szalvador said...

Hats off!

nanuka said...

...Sergio...jajaja...que maravilla!!! I hope I undestood it, but even if I didn`t I loved it, does it count?

nanuka said...

...Garrett, please your give us your opinion on "this class"...

ZSEBORUCO said...

Diane...I really think you understood...

nanuka said...

...y nuestro maestro, no va a opinar nada?? Garrett, where are you??

garrett said...

That was very funny, I really enjoyed it.

This is, incidentally, an appropriation of a piece by Robert Sward (http://www.alsopreview.com/columns/books/rsashbery.html).

Yes, Henry Darger is an "outsider artist," a term I have a lot of trouble with. He suddenly became very popular in the US about 10 years ago (?); at times there seemed to be a genuine interest in him as an "artist," at times a genuine interest in him as a person working outside the art establishment, at times he was used by intellectuals to represent one side or another of several different arguments. His work is bizarre, obsessive, at times "visionary"....

I do not know the Ashbery piece, and not sure that I'm too interested in it, largely because the whole thing comes with so much baggage - as above, issues of the institutionality of art, of context, of sanity and insanity, of what art is, and so on. Added to which it pains me to know about someone who's suffered so much and has become a tool in a debate, and a product for people to profit off of. Daniel Johnson would be another ready example.

As for "fence sitting": if poetry was made of propositions and held to logical tests, then Ashbery could be accused, so to speak, of fence sitting. But since "poetry is not involved in the language game of giving information," as Wittgenstein wrote, or does not "communicate what the poet is thinking," then to look for a stand, a position, at least in terms of a logical position, is to miss what is going on in the poetry. Maybe we need a little less in the opinion department, and a little more openness to what art does, and talk more about whether it does it or not for us, as readers.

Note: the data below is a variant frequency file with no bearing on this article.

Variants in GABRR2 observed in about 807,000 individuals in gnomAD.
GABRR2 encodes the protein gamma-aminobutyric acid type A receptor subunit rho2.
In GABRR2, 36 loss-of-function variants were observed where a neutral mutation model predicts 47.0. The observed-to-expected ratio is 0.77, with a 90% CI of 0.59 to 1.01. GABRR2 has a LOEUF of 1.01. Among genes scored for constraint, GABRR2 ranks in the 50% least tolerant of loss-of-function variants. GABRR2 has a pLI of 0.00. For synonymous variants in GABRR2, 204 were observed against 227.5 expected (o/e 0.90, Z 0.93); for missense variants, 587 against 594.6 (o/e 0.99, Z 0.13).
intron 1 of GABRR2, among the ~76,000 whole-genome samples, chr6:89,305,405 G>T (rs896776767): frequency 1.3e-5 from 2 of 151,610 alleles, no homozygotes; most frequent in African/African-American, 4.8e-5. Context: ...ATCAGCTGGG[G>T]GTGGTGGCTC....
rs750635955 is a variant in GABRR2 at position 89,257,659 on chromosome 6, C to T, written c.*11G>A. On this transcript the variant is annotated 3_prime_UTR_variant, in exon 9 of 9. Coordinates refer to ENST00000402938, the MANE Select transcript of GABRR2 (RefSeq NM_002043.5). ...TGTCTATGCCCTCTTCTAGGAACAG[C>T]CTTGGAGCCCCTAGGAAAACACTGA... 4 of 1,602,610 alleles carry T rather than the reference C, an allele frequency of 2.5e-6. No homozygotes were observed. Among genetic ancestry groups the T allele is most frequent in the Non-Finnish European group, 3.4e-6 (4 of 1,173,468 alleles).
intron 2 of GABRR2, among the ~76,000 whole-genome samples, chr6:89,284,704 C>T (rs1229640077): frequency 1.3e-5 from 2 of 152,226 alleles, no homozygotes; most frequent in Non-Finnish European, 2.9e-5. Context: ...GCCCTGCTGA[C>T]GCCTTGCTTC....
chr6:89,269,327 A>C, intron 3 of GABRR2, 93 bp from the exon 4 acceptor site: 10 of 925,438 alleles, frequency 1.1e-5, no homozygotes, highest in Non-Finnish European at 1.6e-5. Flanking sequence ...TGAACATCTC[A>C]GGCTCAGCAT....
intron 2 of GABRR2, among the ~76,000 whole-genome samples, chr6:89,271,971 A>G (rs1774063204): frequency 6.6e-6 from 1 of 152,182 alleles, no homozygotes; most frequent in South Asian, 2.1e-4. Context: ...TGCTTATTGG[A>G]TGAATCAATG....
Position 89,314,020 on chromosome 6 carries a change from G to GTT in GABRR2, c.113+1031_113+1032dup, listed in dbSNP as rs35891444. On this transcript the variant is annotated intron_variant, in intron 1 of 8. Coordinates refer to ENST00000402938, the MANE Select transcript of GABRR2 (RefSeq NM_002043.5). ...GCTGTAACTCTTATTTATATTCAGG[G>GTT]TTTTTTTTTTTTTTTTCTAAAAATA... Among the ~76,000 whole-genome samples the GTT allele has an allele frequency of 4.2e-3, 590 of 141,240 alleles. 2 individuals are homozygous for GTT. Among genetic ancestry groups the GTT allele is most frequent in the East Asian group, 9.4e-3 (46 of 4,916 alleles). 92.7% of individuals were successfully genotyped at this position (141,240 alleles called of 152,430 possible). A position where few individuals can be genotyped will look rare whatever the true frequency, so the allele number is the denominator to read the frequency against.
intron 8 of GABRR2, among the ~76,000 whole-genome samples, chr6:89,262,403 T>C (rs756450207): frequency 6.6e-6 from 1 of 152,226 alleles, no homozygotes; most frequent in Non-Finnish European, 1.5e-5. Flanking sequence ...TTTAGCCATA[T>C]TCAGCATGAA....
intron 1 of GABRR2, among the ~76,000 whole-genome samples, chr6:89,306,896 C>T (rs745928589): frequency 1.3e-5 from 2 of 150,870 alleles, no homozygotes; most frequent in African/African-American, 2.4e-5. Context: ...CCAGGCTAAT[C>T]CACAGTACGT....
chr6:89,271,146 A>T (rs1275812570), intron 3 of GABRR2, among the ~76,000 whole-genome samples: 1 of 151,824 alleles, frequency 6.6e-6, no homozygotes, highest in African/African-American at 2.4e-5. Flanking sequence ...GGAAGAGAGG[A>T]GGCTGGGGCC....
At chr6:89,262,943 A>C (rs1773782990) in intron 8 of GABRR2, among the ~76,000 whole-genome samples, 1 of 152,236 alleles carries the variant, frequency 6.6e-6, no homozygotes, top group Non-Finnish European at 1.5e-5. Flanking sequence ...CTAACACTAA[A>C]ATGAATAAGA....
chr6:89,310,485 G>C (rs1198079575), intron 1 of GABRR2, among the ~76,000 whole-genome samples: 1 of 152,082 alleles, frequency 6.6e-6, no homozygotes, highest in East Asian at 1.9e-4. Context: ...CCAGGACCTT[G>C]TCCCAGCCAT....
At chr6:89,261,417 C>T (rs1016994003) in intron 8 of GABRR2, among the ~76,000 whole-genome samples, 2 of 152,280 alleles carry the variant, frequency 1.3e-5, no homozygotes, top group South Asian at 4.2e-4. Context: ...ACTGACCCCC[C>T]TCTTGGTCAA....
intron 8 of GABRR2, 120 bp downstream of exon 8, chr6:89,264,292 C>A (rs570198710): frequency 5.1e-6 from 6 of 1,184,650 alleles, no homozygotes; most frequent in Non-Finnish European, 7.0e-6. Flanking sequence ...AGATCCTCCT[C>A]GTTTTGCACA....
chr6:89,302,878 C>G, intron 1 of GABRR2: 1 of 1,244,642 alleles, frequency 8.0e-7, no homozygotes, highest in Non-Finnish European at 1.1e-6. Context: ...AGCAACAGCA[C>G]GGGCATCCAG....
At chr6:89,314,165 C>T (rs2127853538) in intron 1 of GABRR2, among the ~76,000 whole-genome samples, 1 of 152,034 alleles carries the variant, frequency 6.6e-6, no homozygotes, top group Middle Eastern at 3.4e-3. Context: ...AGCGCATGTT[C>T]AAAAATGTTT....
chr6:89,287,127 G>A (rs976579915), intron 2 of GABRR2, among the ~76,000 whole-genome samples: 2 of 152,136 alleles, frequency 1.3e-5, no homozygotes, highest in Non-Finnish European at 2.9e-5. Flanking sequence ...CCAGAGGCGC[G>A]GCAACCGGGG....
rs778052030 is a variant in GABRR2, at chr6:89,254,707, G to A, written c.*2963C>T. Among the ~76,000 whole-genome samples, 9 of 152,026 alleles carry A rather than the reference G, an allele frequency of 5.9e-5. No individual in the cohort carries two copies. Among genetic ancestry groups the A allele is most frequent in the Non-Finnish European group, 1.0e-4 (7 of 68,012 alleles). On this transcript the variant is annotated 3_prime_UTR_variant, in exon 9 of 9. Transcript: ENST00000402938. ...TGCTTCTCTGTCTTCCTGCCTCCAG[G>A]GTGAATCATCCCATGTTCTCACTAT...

While it is true I have mentioned Harold Bloom and Roland Barthes' "The Death of the Author" among other things, I hesitate to become involved in commentary on something that someone else - Robert Sward - has set up as the argument. I think he largely misses the point. That being said....

Sward writes, "Ashbery's an acquired taste." Yes, brilliant insight. Everything is an acquired taste. It only matters when you acquired it. ((c) c. 1994, Garrett Kalleberg.)

"You're one of those academics who goes looking for content where there is none." - Here we have an advantage over Sward, because, my dear students, we have learned to distinguish between "content" and "subject matter." And we have seen that this is not an "academic" problem, but a problem in our experience of all art. Furthermore, sometimes people seem to confuse "academic" with thoughtful, critical, insightful, and other words that pertain to when you think a little bit outside of received ideas, opinions, and tastes.

nanuka said...

...wow, who is I???

szalvador said...

Para el Sr. Burruchaga:

Este es el tipo de textos que podemos subir al Blog de TV, tal cual, sin traducción, ¿no crees?.

Ojalá se pudiera.

Burruchaga said...

Salvador, I can't make those hills. My mind so rustic. But, zseboruco's is not, that's for sure... About Tedium, tell me how, and be my guest.